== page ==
Anomie theory is important for explaining whether crime is a normal or abnormal (pathological) social phenomenon (Cartwright, 2011). It describes a lack of social norms, lawlessness and normlessness (Cartwright, 2013). In detail, it is a breakdown of social bonds between an individual and the community. This theory was first coined by Emile Durkheim, a French sociologist in his book Suicide published in 1897 (Cartwright, 2013). Later on, Robert Merton, the President of American Sociological Association, developed the link between anomie and social structure. Unlike Durkheim, Merton used the notion from Durkheim’s anomie theory and explains that social structure could exert pressure on an individual and directly cause deviance (Cartwright, 2011). This theory is better known as the Anomie-Strain Theory. Furthermore, in 1994, Steven Messner and Richard Rosenfeld, like Merton, brought more attention to social organization and social institutions instead of focusing on individuals when analysing crimes (Cartwright, 2011), so the Institutional-Anomie Theory was developed. In order to understand the anomie theory better, the developments of this theory from Emile Durkheim to Steven Messner and Richard Rosenfeld should all be considered. For Emile Durkheim, his main concern about anomie was social solidarity (Cartwright, 2011). Based on this concern, he divided solidarity into two categories: mechanical solidarity, which maintains low adaptation skills; and to the contrary, organic solidarity whose inertia sensitively needs changes (Cartwright, 2013). Durkheim observed that these two groups would co-exist. The reason is that anomie is impossible when solidarity is organic. Their sensitivity to change leads to evolution among this form of labour. Later in 1897, Durkheim pointed out that the suicide rates were due to the dramatic economic changes, such as economic depression and the sudden growth of the economy (Cartwright, 2011). “According to Durkheim, these periods of anomie –times of normlessness, lawlessness, and unregulated choice – made individuals more susceptible to committing suicide or engaging in deviant behaviour” (Cartwright, 2011, p.6). In this study, Durkheim associated anomie with the influence of a lack of the norms. In Durkheim’s study of anomie theory, two notions should not be neglected. Firstly, Emile Durkheim referred to society much like a functioning organism (Cartwright, 2011), evidence for the theory can be easily found in his referring to the society as “the social organism” or “the functions of the central organ” (Cartwright, 2011, p.6). In order to maintain the continuation of the organism, each of the integrated parts has to be working well. Secondly, Durkheim discussed crime as an “abnormal” activity, which indicates that a certain proportion of crimes are normal and happens in most societies, (Cartwright, 2011). f in the steps of Durkheim’s study, Robert Merton described more about the relationship between social structure and anomie theory, later known as the anomie-strain theory. The definition of the word “strain” in the verb form means to subject to tension or stress. This meaning is very similar to the strain theory. The theory indicates that the social structure of a society may pressure or force the citizens to commit crimes, due to the failure to provide many individuals’ with “the conventional means necessary to realize those culture goals”, which also means that the individual lacks access to cultural goals, such as money, job, or education (Merton, 1938). In Merton’s publication Social Structure and Anomie, he provides a good example that explains his theory. For example, in the USA, the society’s general goal is wealth; therefore, in order to achieve this certain goal, the institutionalized manner is to be hard-working or obtaining education (Merton, 1938). Based on this theory, Merton identifies five modes of adaptation, including conformity, innovation, ritualism, retreatism and...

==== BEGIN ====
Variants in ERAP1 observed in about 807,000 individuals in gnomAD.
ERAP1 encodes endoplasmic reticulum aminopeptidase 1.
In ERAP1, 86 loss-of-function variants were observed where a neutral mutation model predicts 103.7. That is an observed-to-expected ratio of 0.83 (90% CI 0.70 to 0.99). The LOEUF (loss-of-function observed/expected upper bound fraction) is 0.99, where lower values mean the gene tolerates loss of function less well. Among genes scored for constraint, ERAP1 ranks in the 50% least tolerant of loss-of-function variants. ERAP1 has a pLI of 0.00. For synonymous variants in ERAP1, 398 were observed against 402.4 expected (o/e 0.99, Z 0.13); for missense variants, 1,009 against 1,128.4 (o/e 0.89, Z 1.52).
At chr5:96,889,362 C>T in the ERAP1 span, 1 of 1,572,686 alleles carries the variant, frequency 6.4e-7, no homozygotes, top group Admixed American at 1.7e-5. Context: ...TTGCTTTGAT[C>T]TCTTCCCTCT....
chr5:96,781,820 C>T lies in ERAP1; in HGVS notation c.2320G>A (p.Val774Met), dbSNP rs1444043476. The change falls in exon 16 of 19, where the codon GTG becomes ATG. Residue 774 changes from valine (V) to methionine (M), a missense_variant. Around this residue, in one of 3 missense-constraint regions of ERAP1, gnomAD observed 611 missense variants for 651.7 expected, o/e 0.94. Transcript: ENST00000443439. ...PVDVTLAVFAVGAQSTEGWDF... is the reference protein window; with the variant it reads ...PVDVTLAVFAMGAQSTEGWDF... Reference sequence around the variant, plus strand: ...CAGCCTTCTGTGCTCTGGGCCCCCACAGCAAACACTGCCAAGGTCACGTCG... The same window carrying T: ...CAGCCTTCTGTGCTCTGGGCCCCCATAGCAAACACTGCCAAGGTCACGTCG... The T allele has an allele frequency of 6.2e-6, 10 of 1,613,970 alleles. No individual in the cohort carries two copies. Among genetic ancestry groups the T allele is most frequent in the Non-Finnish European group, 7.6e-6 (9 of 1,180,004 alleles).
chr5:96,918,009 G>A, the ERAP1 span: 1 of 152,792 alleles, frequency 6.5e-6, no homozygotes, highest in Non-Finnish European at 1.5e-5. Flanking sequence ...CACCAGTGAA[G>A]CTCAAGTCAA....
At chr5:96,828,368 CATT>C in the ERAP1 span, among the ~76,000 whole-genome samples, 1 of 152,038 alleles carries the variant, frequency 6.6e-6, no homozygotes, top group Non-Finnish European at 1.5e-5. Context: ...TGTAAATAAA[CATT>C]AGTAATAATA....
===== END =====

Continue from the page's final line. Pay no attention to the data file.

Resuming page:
References: Cartwright, B. (2011). The Normal and the Pathological. Social Explanations of Crime and Deviance (pp. 5-7). Boston: Pearson Learning Solutions.
Cartwright, B (2011). Social Structure and Anomie. Social Explanations of Crime and Deviance (pp.20-22). Boston: Pearson Learning Solutions.
Cartwright, B (2011). Crime and the American Dream. Social Explanations of Crime and Deviance (pp.51-53). Boston: Pearson Learning Solutions.
Cartwright, B. (2013). “Introduction to Anomie-Strain Theory.” Criminology 104 Lecture, delivered ar Simon Fraser University on January 15, 2013.
Cheng, H. (2012). Cheap Capitalism. The British Journal of Criminology, 52(2), 254-273.
Merton, R.K. (1938). Social Structure and Anomie. In B. Cartwright (Ed.), Social Explanations of Crime and Deviance (pp.20-32). Boston: Pearson Learning Solutions.
Messner, S.F. and Rosenfeld, R. (2011). Crime and the American Dream: an Institutional Analysis. In B. Cartwright (Ed.). Social Explanations of Crime and Deviance (pp.53-73). Boston: Pearson Learning Solutions.
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